By summer 2016, nearly a hundred far-right musical events had taken place in Germany in that year alone (Staudenmaier, 2016), and have continued, most notably in the former East. Though some of these events take the form of festivals attracting large numbers of neo-Nazis, also from the U.S. (Engel & Denne, 2020) many do not come off as stadium-style rock concerts but appropriate the “high-culture” term Liederabend (Staudenmaier, 2016), traditionally a classical recital with voice and piano. Now in popular singer-songwriter format, these intimate settings allow young people who might not identify as hard-line racists to become convinced of the dangers of migration and “Islamification” in their local towns. Associating the tradition of Schubert songs with notions of nationalist superiority also echoes the Nazi co-opting of German classical music, which Thomas Mann diagnosed as collective sickness in his 1947 novel Doktor Faustus. This all-too-familiar melding of musical intimacy with far-right ideology sounds alarms for a generation raised after decades of Vergangenheitsbewältigung, or reckoning with the past, in Germany. “Never forget” risks becoming, as some of my Trump-supporting students in the U.S. have glibly put it, “Hitler wasn’t so bad.”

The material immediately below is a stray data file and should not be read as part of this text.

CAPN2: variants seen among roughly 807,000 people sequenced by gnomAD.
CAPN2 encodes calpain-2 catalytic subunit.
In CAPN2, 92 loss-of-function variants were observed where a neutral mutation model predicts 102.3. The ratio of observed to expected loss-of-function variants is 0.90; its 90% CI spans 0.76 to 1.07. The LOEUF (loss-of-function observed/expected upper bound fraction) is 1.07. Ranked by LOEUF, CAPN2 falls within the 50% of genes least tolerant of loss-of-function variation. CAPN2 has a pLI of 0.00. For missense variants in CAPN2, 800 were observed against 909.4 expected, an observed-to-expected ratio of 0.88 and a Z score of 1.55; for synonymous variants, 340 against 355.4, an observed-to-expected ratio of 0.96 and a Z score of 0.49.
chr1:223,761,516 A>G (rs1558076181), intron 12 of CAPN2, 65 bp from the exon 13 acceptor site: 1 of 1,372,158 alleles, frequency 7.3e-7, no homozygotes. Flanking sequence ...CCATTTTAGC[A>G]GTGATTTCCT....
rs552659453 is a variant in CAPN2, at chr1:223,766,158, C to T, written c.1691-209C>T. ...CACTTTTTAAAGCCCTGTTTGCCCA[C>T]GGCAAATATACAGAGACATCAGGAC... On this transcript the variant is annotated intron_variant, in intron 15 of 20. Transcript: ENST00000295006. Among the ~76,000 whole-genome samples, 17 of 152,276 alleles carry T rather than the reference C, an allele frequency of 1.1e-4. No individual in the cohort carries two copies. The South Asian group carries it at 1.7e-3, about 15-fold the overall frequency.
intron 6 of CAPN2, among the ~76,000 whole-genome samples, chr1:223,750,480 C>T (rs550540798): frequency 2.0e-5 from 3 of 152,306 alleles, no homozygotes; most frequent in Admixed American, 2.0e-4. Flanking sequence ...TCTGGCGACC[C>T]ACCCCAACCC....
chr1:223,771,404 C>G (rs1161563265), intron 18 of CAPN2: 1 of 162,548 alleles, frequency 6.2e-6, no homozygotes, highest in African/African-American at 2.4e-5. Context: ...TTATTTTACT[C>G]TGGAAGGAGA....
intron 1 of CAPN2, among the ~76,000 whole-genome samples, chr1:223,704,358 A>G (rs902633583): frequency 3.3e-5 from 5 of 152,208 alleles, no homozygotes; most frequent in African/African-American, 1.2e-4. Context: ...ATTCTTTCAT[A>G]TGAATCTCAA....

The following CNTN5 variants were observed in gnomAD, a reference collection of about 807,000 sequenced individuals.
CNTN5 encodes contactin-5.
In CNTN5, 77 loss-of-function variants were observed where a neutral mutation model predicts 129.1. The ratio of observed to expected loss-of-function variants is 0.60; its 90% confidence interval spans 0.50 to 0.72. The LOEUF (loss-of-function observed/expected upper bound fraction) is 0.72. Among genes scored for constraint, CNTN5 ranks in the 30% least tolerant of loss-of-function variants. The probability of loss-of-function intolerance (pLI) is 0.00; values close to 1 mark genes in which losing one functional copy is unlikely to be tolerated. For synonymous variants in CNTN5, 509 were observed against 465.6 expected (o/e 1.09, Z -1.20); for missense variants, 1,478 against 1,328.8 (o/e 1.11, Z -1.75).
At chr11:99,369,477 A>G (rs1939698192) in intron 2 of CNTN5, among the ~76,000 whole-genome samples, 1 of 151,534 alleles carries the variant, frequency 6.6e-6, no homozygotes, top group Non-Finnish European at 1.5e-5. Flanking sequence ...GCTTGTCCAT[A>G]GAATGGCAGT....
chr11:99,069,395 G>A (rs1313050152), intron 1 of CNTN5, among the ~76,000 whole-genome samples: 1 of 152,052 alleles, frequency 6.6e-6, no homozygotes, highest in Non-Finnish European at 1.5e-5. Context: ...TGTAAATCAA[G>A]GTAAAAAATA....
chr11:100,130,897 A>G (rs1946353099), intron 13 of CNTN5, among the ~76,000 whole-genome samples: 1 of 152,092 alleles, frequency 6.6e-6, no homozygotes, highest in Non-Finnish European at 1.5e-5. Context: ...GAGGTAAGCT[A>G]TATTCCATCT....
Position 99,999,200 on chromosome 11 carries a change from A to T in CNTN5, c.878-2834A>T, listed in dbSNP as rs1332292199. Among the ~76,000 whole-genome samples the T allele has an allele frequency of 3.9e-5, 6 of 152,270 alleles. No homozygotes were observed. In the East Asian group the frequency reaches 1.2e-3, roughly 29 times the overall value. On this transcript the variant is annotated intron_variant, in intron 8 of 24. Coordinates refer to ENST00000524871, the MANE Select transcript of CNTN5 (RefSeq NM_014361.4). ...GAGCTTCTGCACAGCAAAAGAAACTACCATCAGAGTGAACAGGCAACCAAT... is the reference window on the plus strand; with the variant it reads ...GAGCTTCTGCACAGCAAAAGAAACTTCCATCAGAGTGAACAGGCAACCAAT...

The German Linke (Left) party has described fascist-flavored music as a “gateway drug,” (Staudenmaier, 2016) recalling the words of Hanns Eisler, one of Brecht’s musical collaborators during the Nazi era, who warned of music’s capacity to serve as a socio-political “narcotic” (Shams, 2019). As neo-Nazis jolt their bodies in time with hate-rock’s machine-gun beat, they are not operating in the rebel-against-everything world of punk’s rapid rhythms, but rather training their senses in rage against particular, marginalized groups. Heavy metal and its many subgenres have sometimes aligned with racist ideology over the past forty years, encouraging kinetic immersion in violent theatrics, though bands such as Rammstein have denied the white-supremacist leanings some of their fans espouse (Braun, 2019). As musicologist Lawrence Kramer has pointed out, ideology is “sticky” and can adhere to many kinds of music, because musical “meaning” is mainly associative and sound is experienced in a directly physical way[ii] (Reybrouck & Eerola, 2017).